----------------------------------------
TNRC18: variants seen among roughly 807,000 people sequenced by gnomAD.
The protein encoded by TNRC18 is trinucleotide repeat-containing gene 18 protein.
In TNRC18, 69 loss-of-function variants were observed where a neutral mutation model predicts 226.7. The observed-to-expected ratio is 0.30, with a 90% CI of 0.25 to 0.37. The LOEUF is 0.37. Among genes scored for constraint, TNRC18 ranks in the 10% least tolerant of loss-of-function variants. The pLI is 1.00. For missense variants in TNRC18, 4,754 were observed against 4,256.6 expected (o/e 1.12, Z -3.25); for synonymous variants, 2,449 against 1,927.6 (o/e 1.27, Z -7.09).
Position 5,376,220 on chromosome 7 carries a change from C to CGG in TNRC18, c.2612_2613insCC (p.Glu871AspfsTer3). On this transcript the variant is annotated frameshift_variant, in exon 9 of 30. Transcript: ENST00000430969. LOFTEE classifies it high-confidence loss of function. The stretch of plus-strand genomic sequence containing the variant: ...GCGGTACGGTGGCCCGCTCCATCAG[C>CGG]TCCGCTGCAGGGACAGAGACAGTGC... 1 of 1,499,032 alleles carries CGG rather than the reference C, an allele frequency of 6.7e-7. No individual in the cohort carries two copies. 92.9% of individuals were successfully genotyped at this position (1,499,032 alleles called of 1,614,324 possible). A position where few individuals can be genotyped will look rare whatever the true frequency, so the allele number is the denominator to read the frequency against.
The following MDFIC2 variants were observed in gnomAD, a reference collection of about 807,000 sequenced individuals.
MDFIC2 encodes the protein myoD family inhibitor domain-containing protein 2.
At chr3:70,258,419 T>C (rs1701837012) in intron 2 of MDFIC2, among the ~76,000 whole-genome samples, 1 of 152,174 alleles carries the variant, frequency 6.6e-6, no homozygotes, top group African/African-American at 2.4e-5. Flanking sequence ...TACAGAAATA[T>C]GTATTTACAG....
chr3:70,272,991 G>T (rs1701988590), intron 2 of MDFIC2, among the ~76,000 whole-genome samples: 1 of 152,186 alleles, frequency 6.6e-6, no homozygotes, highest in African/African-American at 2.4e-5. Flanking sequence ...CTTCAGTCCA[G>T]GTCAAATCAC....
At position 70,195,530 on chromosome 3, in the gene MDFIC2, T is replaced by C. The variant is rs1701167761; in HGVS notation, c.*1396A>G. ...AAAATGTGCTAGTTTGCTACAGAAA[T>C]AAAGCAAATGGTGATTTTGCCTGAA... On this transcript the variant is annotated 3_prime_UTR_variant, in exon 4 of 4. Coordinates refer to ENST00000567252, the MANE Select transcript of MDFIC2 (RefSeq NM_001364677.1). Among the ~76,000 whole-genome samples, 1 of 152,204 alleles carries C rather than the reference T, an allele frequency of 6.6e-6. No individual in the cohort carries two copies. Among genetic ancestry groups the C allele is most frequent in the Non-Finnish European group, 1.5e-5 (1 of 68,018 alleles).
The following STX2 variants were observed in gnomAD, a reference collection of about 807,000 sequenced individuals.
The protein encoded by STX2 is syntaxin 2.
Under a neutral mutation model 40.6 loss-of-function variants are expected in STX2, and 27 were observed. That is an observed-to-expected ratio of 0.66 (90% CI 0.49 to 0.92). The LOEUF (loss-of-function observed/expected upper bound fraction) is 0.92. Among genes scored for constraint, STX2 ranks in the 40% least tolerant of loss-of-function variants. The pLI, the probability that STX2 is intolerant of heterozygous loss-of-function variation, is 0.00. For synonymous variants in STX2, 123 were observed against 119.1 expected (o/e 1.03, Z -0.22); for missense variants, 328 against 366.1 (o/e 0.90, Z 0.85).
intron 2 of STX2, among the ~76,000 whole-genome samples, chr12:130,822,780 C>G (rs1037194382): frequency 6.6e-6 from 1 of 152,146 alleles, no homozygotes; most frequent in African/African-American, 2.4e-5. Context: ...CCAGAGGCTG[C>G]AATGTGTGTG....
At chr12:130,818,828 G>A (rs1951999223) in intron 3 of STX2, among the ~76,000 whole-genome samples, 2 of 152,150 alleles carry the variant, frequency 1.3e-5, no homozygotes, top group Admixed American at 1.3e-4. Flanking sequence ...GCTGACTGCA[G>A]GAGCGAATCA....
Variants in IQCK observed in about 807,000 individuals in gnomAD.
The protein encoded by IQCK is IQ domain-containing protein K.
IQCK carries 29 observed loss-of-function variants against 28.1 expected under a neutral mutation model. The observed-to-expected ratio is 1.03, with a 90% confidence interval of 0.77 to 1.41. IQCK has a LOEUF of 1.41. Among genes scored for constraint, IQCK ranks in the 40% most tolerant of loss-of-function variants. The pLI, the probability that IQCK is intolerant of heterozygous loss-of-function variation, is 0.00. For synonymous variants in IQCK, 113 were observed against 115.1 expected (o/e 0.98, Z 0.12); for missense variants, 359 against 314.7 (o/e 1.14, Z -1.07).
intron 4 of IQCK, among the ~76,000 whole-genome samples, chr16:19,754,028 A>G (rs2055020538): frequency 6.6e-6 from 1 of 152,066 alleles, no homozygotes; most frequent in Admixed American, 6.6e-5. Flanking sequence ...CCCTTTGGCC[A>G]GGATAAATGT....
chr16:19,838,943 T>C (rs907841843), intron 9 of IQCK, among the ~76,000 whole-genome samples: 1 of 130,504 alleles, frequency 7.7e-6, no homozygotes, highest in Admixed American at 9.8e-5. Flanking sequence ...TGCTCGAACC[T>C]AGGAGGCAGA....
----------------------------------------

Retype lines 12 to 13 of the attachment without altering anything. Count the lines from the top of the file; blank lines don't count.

Under a neutral mutation model 40.6 loss-of-function variants are expected in STX2, and 27 were observed. That is an observed-to-expected ratio of 0.66 (90% CI 0.49 to 0.92). The LOEUF (loss-of-function observed/expected upper bound fraction) is 0.92. Among genes scored for constraint, STX2 ranks in the 40% least tolerant of loss-of-function variants. The pLI, the probability that STX2 is intolerant of heterozygous loss-of-function variation, is 0.00. For synonymous variants in STX2, 123 were observed against 119.1 expected (o/e 1.03, Z -0.22); for missense variants, 328 against 366.1 (o/e 0.90, Z 0.85).
intron 2 of STX2, among the ~76,000 whole-genome samples, chr12:130,822,780 C>G (rs1037194382): frequency 6.6e-6 from 1 of 152,146 alleles, no homozygotes; most frequent in African/African-American, 2.4e-5. Context: ...CCAGAGGCTG[C>G]AATGTGTGTG....